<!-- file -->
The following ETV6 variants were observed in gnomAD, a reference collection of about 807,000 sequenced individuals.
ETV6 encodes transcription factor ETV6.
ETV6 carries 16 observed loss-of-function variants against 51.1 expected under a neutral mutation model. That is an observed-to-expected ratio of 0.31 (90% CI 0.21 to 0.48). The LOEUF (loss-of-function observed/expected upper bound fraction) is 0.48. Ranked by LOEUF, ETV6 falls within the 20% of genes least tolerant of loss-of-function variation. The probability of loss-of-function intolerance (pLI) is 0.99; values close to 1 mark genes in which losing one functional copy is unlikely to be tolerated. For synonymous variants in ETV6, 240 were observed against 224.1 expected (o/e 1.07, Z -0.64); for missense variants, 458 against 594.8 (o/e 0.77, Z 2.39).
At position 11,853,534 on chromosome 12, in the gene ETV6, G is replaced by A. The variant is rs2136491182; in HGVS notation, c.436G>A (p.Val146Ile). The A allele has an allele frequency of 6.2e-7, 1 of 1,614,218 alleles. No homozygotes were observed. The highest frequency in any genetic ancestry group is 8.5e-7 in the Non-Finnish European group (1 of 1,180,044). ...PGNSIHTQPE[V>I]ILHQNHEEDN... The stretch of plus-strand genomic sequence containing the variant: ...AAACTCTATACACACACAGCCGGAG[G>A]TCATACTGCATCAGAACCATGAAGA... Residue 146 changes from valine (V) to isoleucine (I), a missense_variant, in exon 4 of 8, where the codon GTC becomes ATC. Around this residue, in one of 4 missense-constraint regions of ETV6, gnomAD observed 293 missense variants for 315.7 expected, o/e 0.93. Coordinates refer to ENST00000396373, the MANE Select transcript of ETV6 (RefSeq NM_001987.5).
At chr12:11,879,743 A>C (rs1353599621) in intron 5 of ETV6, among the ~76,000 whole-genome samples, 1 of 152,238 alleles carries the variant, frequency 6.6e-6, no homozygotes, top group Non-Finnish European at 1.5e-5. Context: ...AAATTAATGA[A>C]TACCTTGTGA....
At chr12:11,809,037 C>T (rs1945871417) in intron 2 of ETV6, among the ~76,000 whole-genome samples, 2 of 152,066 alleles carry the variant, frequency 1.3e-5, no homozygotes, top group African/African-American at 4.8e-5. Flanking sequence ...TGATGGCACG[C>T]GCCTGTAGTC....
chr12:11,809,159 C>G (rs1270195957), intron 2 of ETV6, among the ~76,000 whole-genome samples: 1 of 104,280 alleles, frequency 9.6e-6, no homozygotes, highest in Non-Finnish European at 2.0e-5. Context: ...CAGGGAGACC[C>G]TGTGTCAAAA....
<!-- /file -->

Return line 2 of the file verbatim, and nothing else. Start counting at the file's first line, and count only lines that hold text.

ETV6 encodes transcription factor ETV6.